The U Visa – A Path to Residency for Some Crime Victims and Their Families

NEWSLETTER – November 2017


Written By Attorney Sergio A. Perez of the Franco Law Group, APLC.


The U Visa – A Path to Residency for Some Crime Victims and Their Families.


For many undocumented immigrants in the U.S., living in the shadows entails living with a fear of the police due to the possibility that a law enforcement officer may refer an immigrant to Immigration and Customs Enforcement, or ICE.  Indeed, fear of law enforcement authorities all too often results in immigrants being victimized by criminals who go unpunished because their crimes are not reported.

In 2000 the U.S. Congress determined that an incentive should be created to encourage immigrants to report crimes to the police without fear.  In that year, Congress enacted the Victims of Trafficking and Violence Protection Act which created a path to legalization called the U Visa for immigrant victims of certain crimes.  To qualify for a U Visa, an immigrant must first prove that she was the victim of one of the qualifying crimes enumerated in the law.  This is typically accomplished by presenting the report that was created by the police department or district attorney’s office that investigated or prosecuted the crime.  Second, the immigrant must prove that she suffered substantial physical or mental abuse as a result of having been the victim of the crime perpetrated against her.  Third, the immigrant must have information concerning the criminal activity that took place.  Fourth, the immigrant must have been helpful, is being helpful, or is likely to be helpful in the investigation or prosecution of the crime.  This step requires that the immigrant obtain a certification directly from the law enforcement agency or district attorney’s office that investigated or prosecuted the crime which certifies the immigrant’s cooperation.  Fifth, the criminal activity must have occurred in the U.S. or violated U.S. laws.  Additionally, a U Visa applicant must prove that she is a person of good moral character.  Indeed, an applicant who has been convicted of a crime will likely have to also apply for what is called a waiver as part of her U Visa application.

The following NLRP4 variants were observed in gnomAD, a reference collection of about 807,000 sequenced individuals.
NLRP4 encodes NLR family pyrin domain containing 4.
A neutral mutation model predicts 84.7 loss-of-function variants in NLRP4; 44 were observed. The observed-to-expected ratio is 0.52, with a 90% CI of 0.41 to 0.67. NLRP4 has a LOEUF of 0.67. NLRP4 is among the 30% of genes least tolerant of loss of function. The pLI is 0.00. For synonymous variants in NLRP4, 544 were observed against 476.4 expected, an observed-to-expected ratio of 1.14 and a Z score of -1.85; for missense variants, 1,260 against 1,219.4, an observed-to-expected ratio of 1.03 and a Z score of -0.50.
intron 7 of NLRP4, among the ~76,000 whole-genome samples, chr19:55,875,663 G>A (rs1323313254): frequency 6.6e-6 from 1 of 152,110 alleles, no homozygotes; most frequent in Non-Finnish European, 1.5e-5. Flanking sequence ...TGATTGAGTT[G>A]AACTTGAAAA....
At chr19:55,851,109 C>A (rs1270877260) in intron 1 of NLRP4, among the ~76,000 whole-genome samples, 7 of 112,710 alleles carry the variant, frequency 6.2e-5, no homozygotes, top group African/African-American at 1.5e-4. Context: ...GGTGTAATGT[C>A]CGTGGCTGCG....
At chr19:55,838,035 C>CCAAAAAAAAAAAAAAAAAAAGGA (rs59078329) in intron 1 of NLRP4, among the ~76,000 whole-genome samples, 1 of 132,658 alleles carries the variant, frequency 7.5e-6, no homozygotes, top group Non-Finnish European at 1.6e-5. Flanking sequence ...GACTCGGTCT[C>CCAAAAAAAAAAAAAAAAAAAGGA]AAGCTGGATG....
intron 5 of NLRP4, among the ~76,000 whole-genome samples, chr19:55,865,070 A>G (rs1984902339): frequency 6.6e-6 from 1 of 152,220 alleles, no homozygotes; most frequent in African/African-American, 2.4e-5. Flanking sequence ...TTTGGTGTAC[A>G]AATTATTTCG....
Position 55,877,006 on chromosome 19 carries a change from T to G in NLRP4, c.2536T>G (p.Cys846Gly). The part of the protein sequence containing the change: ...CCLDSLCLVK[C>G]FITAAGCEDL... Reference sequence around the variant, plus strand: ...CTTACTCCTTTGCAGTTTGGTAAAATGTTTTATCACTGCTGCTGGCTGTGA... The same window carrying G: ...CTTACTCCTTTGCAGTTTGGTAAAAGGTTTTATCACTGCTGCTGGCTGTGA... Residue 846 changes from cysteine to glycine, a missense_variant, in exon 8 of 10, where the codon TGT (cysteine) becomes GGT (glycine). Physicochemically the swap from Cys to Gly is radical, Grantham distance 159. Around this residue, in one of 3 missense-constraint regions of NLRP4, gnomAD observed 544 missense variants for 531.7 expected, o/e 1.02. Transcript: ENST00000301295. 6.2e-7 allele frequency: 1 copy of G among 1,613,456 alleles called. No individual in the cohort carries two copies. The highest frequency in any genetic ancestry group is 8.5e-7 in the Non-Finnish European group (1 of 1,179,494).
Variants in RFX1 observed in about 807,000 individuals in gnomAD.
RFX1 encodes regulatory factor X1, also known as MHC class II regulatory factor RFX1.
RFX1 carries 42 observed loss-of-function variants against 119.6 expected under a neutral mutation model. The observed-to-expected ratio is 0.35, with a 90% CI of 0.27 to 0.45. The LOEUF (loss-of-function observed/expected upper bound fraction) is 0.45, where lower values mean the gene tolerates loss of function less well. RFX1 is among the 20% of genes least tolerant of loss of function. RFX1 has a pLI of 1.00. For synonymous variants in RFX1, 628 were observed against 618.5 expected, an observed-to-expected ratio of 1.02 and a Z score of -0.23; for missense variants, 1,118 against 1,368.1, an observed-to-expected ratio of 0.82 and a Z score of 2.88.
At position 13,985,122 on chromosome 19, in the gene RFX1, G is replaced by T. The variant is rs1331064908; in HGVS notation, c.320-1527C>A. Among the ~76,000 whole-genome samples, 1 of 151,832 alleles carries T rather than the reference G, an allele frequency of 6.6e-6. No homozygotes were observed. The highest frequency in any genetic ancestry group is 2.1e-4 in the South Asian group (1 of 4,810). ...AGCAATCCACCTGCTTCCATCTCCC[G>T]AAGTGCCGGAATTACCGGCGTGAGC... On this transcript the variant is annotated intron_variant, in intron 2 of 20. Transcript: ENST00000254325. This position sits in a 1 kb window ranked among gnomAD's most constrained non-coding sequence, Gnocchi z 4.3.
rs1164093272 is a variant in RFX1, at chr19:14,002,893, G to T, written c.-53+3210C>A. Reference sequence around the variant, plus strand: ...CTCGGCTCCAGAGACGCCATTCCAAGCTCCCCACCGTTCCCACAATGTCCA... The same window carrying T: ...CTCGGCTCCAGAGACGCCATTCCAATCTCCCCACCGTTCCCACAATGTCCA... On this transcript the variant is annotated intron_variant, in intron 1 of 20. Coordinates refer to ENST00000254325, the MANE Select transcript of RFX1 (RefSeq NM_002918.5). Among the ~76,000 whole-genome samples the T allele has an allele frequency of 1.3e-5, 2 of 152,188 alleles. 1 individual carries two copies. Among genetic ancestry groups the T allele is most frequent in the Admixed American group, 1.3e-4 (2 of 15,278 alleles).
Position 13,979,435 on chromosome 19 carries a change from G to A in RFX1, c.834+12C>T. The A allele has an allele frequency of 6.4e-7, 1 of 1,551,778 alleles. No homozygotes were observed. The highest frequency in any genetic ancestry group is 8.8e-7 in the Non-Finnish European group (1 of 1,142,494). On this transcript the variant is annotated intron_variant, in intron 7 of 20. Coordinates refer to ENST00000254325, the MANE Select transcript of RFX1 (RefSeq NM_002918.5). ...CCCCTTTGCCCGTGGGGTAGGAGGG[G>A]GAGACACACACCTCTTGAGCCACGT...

In addition to being able to apply for her own legalization, a U Visa applicant can include certain family members in her application as derivative beneficiaries.  Specifically, U Visa applicants who are 21 years of age or older can include their spouses and children in their applications.  Applicants who are under 21 years of age can include their spouses, children, parents and unmarried siblings under the age of 18.  An immigrant who is granted a U Visa as a principal applicant or derivative beneficiary will receive lawful status and work authorization for a period of four years.  However, after three years of continuous physical presence in the U.S. as a U Visa recipient, the immigrant will be eligible to apply for lawful permanent residence, or a green card.

The most common qualifying U Visa crimes encountered by the attorneys of the Franco Law Group, APLC are domestic violence, felonious assault and sexual assault.  However, there are 28 enumerated qualifying crimes in all, as well as the related crimes of attempt, conspiracy or solicitation to commit any of the 28 listed crimes.  As such, an immigrant who has been the victim of any crime should consult with a qualified immigration attorney to determine if that crime makes the immigrant eligible for the U Visa.  Additionally, the U Visa application requirements do not impose a deadline based on how long ago a crime occurred.  Indeed, victims of qualifying crimes that occurred and were reported before the creation of the U Visa in 2000 can also apply for the visa.  Additionally, an immigrant who has been the victim of a recent crime that was not reported to the police should consult with a qualified immigration attorney to determine if the crime can be reported to law enforcement and how to go about doing so.

The Franco Law Group, APLC is happy to invite the public to our Immigration Forum being held tomorrow, Saturday, November 4, 2017 from 10:00 a.m. to 2:00 p.m. at which the main topic of discussion will be the U Visa.  The event will take place at the Maywood Center for Enriched Studies located at 5800 King Ave., Maywood, California 90270.  If you would like to attend, please RSVP by contacting the event coordinator, Ms. Cynthia Alcaraz, at (323) 303-3824 or  We look forward to seeing you there!

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